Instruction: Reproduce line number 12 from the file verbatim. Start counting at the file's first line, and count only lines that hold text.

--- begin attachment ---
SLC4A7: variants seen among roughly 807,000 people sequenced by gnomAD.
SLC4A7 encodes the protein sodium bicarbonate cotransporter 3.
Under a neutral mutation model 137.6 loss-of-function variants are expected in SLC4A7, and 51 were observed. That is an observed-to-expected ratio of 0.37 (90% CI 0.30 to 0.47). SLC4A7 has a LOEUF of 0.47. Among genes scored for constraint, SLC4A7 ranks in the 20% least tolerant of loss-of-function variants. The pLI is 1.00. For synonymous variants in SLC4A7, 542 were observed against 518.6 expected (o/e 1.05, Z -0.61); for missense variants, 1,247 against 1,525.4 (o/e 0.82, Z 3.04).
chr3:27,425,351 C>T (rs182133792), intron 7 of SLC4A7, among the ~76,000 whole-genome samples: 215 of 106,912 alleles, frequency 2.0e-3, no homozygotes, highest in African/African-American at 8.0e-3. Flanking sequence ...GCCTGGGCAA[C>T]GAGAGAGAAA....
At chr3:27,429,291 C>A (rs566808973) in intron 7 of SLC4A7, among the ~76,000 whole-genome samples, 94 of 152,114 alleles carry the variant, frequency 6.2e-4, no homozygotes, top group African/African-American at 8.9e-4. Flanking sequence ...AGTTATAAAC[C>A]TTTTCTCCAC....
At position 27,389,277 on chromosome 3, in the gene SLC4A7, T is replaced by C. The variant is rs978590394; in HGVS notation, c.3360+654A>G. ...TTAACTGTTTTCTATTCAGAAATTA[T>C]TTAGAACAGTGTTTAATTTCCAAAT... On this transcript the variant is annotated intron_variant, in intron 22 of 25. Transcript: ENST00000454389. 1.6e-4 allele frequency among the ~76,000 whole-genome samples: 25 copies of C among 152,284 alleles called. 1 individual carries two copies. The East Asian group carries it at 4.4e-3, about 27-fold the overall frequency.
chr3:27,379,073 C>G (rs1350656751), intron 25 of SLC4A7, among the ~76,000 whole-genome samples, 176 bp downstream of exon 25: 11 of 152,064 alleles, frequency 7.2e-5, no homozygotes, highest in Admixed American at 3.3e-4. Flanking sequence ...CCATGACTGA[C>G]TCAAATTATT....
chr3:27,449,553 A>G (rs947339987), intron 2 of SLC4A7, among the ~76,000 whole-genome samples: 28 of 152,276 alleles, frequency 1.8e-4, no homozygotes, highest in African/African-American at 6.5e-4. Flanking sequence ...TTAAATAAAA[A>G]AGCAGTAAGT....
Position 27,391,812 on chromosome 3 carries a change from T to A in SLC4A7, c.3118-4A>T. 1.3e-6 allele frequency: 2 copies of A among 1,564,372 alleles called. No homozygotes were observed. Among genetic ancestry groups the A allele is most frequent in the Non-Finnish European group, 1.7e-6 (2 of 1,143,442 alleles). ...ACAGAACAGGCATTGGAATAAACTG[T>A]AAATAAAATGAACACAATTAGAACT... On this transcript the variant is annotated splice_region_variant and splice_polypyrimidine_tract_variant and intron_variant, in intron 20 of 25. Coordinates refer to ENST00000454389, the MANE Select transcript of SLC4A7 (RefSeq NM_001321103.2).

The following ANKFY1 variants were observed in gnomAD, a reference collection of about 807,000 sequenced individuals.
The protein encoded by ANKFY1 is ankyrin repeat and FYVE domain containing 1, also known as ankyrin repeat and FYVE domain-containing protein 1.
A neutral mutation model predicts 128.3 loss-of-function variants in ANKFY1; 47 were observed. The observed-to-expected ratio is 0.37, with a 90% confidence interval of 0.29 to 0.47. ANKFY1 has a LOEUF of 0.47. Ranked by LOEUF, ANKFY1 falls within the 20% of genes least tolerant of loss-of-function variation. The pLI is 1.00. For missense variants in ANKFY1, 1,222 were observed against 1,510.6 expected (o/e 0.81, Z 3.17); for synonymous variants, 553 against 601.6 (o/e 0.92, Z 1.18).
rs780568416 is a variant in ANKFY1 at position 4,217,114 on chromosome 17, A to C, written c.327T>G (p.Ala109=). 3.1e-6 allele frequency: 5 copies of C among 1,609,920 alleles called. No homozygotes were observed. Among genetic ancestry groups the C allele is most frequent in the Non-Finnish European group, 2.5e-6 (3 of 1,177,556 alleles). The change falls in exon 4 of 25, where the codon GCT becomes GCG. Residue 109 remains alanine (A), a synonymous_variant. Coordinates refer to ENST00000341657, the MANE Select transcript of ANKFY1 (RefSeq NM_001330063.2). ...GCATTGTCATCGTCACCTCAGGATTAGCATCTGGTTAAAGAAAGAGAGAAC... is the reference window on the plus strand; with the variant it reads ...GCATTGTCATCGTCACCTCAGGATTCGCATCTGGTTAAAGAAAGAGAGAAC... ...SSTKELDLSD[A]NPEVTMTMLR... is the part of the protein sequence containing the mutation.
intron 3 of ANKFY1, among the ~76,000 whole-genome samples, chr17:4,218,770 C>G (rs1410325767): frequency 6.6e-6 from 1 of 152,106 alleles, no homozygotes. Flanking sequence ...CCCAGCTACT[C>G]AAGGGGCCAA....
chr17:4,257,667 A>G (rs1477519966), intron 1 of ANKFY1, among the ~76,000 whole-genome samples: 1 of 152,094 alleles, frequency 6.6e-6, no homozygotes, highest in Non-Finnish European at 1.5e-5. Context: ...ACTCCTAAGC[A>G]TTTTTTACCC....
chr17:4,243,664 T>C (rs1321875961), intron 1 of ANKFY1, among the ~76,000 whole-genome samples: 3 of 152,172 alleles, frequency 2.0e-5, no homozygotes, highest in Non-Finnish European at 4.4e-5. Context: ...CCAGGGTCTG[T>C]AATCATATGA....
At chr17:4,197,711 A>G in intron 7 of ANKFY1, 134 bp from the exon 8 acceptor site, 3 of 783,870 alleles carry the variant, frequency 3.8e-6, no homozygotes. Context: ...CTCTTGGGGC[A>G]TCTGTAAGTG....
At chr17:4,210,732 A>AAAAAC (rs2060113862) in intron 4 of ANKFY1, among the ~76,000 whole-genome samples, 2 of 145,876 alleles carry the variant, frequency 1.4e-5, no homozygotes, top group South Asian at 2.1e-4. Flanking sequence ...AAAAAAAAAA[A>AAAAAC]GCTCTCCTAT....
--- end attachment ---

A neutral mutation model predicts 128.3 loss-of-function variants in ANKFY1; 47 were observed. The observed-to-expected ratio is 0.37, with a 90% confidence interval of 0.29 to 0.47. ANKFY1 has a LOEUF of 0.47. Ranked by LOEUF, ANKFY1 falls within the 20% of genes least tolerant of loss-of-function variation. The pLI is 1.00. For missense variants in ANKFY1, 1,222 were observed against 1,510.6 expected (o/e 0.81, Z 3.17); for synonymous variants, 553 against 601.6 (o/e 0.92, Z 1.18).